With Election Day less than a week away, and delays persisting at the USPS, voters should drop off their mail-in ballots in person or vote early instead, according to elections experts.
Voters that are still planning on mailing in their ballot should not use the Postal Service to vote. A chorus of voting experts, politicians, candidates, and former government officials are all urging voters to drop off their ballots at approved locations or to vote early in person.
Mail delays in some parts of the United States, plus varying rules on when absentee ballots need to be postmarked or received, mean that the mail is no longer the best option for making sure your ballot is counted. The Supreme Court recently ruled that Wisconsin can only accept mail-in ballots until 8 p.m. on Election Day—a departure from earlier rules in the states. The decision makes similar deadlines likely in other states across the country.
As Election Day draws nearer, voters can ensure that their vote is tallied by dropping off absentee or mail-in ballots in person at a designated polling place, elections office, or official ballot drop box. Voters who requested mail-in or absentee ballots can also choose to vote in person in most locations, though procedures vary (if you’d like to vote in person instead, consult COURIER’s guide here).
The United States Postal Service had recommended that all voters mailing ballots do so no later than Tuesday, Oct. 27, which would have allowed for one week of processing. However, concerns over mail delays have persisted for months—and are continuing. Nationally, only 85% of all first-class mail (which includes election mail) was delivered on time the week of Oct. 16.
The Washington Post reported that certain parts of key swing states are having even more significant mail delivery issues, as 17 postal districts representing 10 battleground states are encountering similarly slow delivery times.
In Detroit, only 71% of first-class mail was delivered on time for the week ending Oct. 9, according to data analyzed by The Washington Post. Delivery times are a bit better, but still too slow, in regions of battleground states like Wisconsin, Florida, and Georgia. Mail has only been delivered on time in the low to mid 80% range in parts of those states.
Election administrators, voting advocates, and government officials are all echoing the USPS’ suggestion.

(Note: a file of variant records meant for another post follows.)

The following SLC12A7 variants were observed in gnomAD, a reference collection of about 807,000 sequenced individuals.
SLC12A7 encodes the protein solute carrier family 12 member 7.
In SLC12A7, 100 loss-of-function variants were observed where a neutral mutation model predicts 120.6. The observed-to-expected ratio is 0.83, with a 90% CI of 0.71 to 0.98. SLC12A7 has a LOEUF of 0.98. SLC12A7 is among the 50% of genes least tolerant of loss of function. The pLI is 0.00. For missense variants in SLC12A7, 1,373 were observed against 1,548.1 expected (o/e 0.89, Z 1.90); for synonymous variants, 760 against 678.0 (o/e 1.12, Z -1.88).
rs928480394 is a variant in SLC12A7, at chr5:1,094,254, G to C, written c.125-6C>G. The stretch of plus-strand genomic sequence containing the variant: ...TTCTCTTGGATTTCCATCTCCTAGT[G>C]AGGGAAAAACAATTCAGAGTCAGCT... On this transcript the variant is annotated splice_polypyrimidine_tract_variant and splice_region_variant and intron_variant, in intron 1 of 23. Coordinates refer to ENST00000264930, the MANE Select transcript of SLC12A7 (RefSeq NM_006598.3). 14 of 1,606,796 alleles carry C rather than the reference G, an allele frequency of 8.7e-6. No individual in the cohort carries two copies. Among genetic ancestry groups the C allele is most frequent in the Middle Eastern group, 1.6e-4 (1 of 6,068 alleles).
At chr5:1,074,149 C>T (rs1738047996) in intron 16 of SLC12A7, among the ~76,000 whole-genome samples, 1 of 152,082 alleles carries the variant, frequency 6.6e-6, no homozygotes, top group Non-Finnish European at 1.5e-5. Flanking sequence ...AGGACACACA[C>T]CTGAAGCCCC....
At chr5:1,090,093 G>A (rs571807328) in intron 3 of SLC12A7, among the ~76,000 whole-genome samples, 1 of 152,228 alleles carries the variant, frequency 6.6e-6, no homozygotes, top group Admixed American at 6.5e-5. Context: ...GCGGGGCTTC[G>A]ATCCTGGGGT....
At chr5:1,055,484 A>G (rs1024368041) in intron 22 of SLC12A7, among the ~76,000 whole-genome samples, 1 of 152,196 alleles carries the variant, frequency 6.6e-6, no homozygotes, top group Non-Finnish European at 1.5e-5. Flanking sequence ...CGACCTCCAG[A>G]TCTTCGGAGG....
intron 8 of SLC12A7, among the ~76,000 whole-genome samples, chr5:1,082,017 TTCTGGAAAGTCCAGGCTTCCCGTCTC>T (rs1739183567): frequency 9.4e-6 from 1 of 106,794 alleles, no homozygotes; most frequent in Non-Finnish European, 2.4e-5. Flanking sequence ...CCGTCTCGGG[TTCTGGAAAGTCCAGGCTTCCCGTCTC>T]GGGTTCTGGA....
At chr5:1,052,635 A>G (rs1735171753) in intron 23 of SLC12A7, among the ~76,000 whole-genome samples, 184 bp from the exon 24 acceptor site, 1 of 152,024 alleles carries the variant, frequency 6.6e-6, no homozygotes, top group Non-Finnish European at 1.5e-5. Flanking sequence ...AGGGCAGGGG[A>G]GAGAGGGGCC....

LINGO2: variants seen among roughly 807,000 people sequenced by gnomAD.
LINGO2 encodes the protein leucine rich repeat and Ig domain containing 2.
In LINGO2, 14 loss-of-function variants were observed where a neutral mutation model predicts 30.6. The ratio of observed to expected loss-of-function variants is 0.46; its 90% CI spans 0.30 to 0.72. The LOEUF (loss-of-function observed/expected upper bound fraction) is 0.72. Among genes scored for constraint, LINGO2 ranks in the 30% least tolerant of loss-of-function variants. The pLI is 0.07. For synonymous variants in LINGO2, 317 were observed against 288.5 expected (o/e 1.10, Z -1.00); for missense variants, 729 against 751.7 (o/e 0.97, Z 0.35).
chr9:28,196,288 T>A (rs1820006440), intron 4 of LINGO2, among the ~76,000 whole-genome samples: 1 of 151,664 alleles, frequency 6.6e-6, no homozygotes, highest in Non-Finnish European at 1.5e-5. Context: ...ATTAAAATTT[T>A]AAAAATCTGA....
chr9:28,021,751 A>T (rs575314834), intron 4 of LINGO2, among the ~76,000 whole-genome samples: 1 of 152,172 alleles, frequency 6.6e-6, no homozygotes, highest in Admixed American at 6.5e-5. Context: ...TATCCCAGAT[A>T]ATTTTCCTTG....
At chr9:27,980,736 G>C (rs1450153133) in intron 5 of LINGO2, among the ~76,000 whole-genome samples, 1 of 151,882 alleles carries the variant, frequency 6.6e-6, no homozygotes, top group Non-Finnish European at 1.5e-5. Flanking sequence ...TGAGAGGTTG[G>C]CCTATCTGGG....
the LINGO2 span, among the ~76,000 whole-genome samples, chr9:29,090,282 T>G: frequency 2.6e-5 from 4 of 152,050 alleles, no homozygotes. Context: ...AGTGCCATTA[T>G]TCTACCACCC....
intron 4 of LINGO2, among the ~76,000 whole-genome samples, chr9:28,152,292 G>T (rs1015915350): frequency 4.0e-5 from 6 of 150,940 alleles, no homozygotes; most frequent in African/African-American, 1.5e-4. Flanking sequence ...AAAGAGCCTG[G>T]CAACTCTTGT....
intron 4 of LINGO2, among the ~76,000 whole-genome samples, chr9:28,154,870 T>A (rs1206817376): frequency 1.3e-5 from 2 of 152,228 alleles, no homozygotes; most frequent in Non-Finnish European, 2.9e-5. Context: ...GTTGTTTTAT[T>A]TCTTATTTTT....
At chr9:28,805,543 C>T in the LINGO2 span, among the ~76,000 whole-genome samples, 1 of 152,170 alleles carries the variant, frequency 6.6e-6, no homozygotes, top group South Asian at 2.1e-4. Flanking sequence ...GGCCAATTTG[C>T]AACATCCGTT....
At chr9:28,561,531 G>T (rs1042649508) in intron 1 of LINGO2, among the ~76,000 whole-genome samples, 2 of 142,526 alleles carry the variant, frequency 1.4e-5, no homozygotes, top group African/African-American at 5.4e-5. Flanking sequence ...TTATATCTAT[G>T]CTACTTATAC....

Michigan’s Secretary of State Jocelyn Benson has been recommending absentee voters drop off ballots at their local clerk’s office or drop box since Oct. 19. Former Attorney General Eric Holder also suggested that people vote in person or use a drop box via Twitter after the Supreme Court ruling on Wisconsin.
Although most state deadlines for mail-in ballots fall on Election Day, several states allow for ballots to be counted if they are postmarked by Election Day and received in a certain amount of time (up to seven days for Minnesota and 14 days for Illinois). Additionally, Postal Service representatives have said that advancing election mail is their number one priority before and well past Nov. 3.
Still, concerns persist, and the safest bet is to drop off ballots in person or vote early in person.
The USA TODAY Network and the University of Maryland’s Howard Center for Investigative Journalism sent 64 letters and packages over short distances within battleground states as part of a tracking effort. Results were erratic enough to show cause for alarm. They found that most problems occurred in Michigan, where six of 15 envelopes took a week or more to arrive.
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Mail-in ballots arriving past the deadline is a reason many are rejected. Fortunately, voters don’t need to overnight their absentee ballot. While exact protocols vary by state, voters with an absentee or mail-in ballot will be able to vote early or on Election Day by dropping off their absentee ballot at a designated polling place or official ballot drop box, casting a provisional ballot, or having their mail-in ballot voided in some way and receiving a regular ballot.
Early voting lines have been long in many locations, though this is largely due to record turnout and social distancing protocols. However, while early voting lines in states like New York were sometimes incredibly long this week, those with absentee ballots were able to skip the line to drop off their absentee ballot.
Voters will need to check with their local election office to see specific rules and check where they can drop off their ballot if they’ve already requested one.